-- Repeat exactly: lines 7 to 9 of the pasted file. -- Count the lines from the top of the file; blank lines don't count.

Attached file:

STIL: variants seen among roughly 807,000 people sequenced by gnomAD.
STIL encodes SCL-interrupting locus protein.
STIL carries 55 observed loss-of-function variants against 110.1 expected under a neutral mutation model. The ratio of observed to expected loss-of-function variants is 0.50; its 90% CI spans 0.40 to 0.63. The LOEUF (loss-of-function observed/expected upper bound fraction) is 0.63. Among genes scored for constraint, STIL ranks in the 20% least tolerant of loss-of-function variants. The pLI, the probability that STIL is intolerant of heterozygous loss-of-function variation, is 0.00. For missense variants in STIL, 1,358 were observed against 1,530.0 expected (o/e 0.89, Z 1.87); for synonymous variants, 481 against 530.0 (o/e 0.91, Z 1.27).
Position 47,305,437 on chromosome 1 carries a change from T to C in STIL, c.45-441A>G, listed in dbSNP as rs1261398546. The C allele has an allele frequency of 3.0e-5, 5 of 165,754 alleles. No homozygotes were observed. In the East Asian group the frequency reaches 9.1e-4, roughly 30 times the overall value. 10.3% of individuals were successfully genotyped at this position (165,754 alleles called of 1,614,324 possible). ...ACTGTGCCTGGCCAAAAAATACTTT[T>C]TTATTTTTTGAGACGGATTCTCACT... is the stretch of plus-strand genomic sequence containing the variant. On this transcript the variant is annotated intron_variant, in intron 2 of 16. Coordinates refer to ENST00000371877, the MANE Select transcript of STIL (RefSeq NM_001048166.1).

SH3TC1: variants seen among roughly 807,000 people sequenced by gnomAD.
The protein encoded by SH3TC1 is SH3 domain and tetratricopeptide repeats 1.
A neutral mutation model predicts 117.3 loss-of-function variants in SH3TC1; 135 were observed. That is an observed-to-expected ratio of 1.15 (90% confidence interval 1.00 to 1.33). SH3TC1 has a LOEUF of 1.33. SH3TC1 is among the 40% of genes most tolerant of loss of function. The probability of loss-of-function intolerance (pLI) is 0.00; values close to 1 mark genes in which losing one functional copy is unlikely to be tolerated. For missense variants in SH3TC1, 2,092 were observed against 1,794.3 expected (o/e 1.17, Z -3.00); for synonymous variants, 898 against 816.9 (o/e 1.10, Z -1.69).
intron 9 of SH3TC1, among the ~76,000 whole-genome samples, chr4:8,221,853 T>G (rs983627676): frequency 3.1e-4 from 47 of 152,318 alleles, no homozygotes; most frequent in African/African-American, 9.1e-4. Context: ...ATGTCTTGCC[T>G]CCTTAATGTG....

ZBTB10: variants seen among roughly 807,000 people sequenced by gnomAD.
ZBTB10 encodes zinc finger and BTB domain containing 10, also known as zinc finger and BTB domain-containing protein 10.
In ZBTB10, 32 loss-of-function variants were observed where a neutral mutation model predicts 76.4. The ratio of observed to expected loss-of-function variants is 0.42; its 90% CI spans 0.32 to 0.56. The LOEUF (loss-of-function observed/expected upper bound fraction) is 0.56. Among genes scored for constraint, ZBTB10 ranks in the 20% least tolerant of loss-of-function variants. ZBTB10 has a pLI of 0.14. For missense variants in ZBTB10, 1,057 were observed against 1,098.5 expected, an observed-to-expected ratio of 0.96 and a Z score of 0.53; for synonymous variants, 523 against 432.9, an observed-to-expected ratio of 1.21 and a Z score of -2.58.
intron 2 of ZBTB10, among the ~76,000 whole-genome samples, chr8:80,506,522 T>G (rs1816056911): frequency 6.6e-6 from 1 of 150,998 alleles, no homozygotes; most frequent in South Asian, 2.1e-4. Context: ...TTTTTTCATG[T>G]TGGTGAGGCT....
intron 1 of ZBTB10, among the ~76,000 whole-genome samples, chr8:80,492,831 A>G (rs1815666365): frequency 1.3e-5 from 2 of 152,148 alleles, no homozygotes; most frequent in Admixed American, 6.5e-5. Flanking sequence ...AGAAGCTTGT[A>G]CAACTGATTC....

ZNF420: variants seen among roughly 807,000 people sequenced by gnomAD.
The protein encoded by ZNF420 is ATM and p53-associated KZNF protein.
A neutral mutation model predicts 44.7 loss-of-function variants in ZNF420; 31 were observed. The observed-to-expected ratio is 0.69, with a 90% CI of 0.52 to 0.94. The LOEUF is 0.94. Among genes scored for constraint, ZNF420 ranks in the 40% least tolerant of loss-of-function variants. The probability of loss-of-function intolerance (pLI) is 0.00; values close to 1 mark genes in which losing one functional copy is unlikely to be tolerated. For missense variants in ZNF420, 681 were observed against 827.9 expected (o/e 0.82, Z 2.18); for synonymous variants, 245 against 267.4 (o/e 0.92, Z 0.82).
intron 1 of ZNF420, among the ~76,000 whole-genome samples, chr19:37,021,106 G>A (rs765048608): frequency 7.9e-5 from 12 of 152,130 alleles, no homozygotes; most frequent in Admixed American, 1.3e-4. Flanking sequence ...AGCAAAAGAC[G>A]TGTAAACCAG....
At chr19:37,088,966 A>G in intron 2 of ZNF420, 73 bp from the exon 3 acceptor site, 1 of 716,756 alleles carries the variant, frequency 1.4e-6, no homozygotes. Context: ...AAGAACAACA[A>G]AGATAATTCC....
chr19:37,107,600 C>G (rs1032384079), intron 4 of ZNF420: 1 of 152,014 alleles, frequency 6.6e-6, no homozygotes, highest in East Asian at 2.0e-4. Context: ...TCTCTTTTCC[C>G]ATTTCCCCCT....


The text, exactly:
A neutral mutation model predicts 117.3 loss-of-function variants in SH3TC1; 135 were observed. That is an observed-to-expected ratio of 1.15 (90% confidence interval 1.00 to 1.33). SH3TC1 has a LOEUF of 1.33. SH3TC1 is among the 40% of genes most tolerant of loss of function. The probability of loss-of-function intolerance (pLI) is 0.00; values close to 1 mark genes in which losing one functional copy is unlikely to be tolerated. For missense variants in SH3TC1, 2,092 were observed against 1,794.3 expected (o/e 1.17, Z -3.00); for synonymous variants, 898 against 816.9 (o/e 1.10, Z -1.69).
intron 9 of SH3TC1, among the ~76,000 whole-genome samples, chr4:8,221,853 T>G (rs983627676): frequency 3.1e-4 from 47 of 152,318 alleles, no homozygotes; most frequent in African/African-American, 9.1e-4. Context: ...ATGTCTTGCC[T>G]CCTTAATGTG....

ZBTB10: variants seen among roughly 807,000 people sequenced by gnomAD.